Nov
11

Dispelling the RISP Fail myth

By

Ah, RISP Fail, a phenomenon that really gained traction — merited or not — during the 2010 season. Last year’s team posted a .267/.357/.441 line with runners on, good for a 103 tOPS+, and 12% better than league average (112 sOPS+); and a .258/.363/.420 line with runners in scoring position, which was essentially exactly how they hit in all other situations (100 tOPS+), and a mark 9% better than league average.

While those full-season numbers with runners on and RISP are plenty respectable, the RISP Fail meme grew to apocalyptic proportions during the 2010 season’s final month, as the team hit just .225/.350/.331 (.681 OPS) in 338 September plate appearances with runners in scoring position. Coupled with an anemic offensive performance against Texas in the 2010 ALCS, and the team’s seeming futility with runners in scoring position became an easy scapegoat for the team’s shortcomings.

So was there any truth to this perception? Below are two charts showing the team’s numbers with runners on and with runners in scoring position going back to 2007. As an aside, the reason I’ve chosen 2007 as the cutoff for the majority of the historical team-wide comparisons I’ve been doing thus far is because several seasons worth of data helps detect patterns and/or trends, but going back any further than five years will likely make any conclusions less meaningful given that the composition of both the team and the league was quite a bit different. Even going back to 2007 doesn’t really tell you anything about the 2011 team, but simply showing the 2010 and 2011 numbers paints a fairly limited picture.

Anyway. (click to enlarge)

It turns out the one year fans may have actually had a legitimate gripe regarding the team plating baserunners was 2008, the only season of these five they were below-league average both with runners on and runners in scoring position. Though the 2010 season did end up coming in as the second-lowest of the five in terms of sOPS+, lending perhaps some credence to the frustration with the team’s periodic inability to hit with RISP, at least in comparison to how Yankee teams of recent vintage fared.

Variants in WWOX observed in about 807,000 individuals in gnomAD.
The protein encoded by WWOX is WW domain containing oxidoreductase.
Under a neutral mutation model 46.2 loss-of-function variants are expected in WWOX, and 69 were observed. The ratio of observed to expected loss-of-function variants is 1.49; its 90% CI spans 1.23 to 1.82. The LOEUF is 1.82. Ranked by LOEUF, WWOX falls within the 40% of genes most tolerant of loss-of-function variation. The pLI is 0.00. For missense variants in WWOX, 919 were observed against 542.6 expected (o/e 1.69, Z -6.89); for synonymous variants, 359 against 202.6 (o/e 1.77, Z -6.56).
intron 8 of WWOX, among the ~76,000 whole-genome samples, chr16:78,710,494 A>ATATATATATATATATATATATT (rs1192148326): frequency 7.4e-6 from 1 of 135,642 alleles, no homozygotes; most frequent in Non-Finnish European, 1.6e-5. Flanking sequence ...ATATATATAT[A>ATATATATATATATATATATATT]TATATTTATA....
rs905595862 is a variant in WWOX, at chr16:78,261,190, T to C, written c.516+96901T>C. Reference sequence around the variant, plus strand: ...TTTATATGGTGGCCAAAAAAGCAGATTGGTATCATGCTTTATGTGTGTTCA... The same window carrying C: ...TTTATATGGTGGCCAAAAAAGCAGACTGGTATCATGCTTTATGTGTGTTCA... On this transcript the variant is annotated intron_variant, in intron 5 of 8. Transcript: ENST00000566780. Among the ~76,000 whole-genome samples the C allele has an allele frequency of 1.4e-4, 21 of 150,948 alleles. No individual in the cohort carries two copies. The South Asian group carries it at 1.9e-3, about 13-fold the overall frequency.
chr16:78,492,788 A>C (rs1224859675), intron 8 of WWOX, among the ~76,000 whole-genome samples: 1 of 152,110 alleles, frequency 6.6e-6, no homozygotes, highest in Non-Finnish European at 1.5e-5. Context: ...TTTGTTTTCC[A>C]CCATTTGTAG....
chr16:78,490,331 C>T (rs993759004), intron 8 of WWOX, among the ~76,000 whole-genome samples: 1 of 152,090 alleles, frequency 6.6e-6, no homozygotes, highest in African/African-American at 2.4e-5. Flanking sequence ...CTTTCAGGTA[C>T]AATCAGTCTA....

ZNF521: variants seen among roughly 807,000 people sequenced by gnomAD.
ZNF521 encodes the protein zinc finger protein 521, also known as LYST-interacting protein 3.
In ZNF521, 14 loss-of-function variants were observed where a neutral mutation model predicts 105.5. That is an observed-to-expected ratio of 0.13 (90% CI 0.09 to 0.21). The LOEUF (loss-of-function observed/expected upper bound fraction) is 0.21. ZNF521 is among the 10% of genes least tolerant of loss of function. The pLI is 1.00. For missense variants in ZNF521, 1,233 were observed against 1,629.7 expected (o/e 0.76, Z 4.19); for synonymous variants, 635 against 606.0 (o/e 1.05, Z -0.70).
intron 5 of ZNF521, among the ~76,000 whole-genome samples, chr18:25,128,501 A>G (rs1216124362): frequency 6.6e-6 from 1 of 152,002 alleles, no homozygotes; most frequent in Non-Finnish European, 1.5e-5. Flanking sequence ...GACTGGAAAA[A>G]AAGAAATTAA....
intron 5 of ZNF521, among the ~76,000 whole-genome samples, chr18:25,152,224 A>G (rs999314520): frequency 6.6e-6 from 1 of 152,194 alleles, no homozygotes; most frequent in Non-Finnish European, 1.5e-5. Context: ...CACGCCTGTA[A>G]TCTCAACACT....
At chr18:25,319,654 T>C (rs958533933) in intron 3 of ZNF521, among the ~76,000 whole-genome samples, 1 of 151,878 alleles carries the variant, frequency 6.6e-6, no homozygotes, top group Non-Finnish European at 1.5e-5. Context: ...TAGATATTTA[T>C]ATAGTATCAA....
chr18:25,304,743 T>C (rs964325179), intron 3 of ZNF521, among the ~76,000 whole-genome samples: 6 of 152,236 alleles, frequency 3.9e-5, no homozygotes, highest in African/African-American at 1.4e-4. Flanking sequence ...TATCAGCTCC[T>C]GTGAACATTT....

Fortunately the 2011 team put the 2010 Yankees to shame when it came to hitting with both men on and runners in scoring position, posting five-year highs in both tOPS+ and sOPS+ in both splits. In fact, they were the second-best hitting team with runners on and the best-hitting team with runners in scoring position compared to the league in 2011:

Men on AVG OBP SLG tOPS+ sOPS+
BOS .294 .364 .474 107 127
NYY .270 .349 .465 106 120
DET .288 .349 .444 105 115
TEX .277 .335 .438 94 110
BAL .266 .329 .432 109 106
CLE .271 .345 .412 113 106
KCR .277 .330 .419 101 103
CHW .259 .333 .401 108 100
TBR .242 .326 .406 102 99
TOR .248 .324 .406 100 98
LAA .252 .316 .406 102 96
OAK .254 .321 .376 105 90
MIN .253 .317 .360 104 85
SEA .241 .307 .357 108 81

 

RISP AVG OBP SLG tOPS+ sOPS+
NYY .273 .361 .455 108 122
BOS .278 .359 .452 101 121
TEX .285 .354 .450 102 119
DET .280 .350 .426 101 112
CLE .269 .354 .409 115 108
KCR .276 .333 .426 104 107
BAL .263 .332 .416 106 104
OAK .266 .340 .399 118 102
LAA .255 .334 .405 108 102
TOR .237 .331 .387 98 96
CHW .239 .324 .373 98 90
TBR .224 .322 .371 92 89
MIN .248 .319 .354 103 84
SEA .222 .306 .325 98 73

Interestingly, Cleveland of all teams really turned things on when they had runners on, compared to the way they hit in all situations, with an AL-high 113 tOPS+ with men on, and a second-best-in-the-league 115 tOPS+ with runners in scoring position. Strangely enough, Oakland led the league in tOPS+ with RISP, hitting 18% better than usual in these situations, though given their overall season line of .244/.311/.369 that’s still not saying much.